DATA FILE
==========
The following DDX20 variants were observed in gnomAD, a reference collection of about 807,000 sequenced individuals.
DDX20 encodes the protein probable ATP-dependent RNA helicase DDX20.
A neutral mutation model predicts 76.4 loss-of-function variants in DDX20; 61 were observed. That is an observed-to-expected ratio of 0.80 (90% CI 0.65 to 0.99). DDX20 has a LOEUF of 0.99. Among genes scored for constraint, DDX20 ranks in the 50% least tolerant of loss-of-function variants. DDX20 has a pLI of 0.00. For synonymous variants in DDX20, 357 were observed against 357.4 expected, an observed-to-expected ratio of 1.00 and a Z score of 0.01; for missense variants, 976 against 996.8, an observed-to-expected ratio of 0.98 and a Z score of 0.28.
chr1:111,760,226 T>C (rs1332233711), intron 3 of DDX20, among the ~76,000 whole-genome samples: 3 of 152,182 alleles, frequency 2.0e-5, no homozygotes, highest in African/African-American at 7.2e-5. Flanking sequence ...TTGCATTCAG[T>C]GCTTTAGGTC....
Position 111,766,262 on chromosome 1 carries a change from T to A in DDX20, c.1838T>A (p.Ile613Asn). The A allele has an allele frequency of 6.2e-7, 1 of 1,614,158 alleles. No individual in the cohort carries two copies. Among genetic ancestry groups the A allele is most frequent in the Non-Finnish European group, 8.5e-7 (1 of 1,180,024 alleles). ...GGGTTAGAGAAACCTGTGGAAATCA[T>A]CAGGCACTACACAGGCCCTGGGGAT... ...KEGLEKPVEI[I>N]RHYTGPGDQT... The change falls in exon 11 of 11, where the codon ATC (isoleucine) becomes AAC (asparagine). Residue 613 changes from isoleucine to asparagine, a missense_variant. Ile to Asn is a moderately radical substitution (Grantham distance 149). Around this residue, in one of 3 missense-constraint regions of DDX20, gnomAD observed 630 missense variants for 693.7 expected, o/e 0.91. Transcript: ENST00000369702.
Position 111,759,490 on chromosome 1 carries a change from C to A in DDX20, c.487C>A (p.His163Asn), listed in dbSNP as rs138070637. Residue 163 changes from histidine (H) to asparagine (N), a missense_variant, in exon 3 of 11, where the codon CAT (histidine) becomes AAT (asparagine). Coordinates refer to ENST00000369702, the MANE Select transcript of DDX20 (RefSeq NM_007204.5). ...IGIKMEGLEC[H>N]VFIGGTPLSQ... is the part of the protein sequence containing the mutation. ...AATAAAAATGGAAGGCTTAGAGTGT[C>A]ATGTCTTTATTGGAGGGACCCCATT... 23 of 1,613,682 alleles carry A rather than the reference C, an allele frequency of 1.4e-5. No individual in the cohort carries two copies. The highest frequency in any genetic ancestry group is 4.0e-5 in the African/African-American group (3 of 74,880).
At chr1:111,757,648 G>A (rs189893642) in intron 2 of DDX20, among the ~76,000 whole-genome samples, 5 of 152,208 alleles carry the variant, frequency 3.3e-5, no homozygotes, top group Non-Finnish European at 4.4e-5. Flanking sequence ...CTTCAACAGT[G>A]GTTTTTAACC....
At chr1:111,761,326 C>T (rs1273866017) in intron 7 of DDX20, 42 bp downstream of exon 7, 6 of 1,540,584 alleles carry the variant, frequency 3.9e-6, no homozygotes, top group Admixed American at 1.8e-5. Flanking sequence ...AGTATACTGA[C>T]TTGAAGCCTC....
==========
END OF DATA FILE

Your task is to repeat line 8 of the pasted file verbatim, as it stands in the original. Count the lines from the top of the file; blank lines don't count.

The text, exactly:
At chr1:111,761,326 C>T (rs1273866017) in intron 7 of DDX20, 42 bp downstream of exon 7, 6 of 1,540,584 alleles carry the variant, frequency 3.9e-6, no homozygotes, top group Admixed American at 1.8e-5. Flanking sequence ...AGTATACTGA[C>T]TTGAAGCCTC....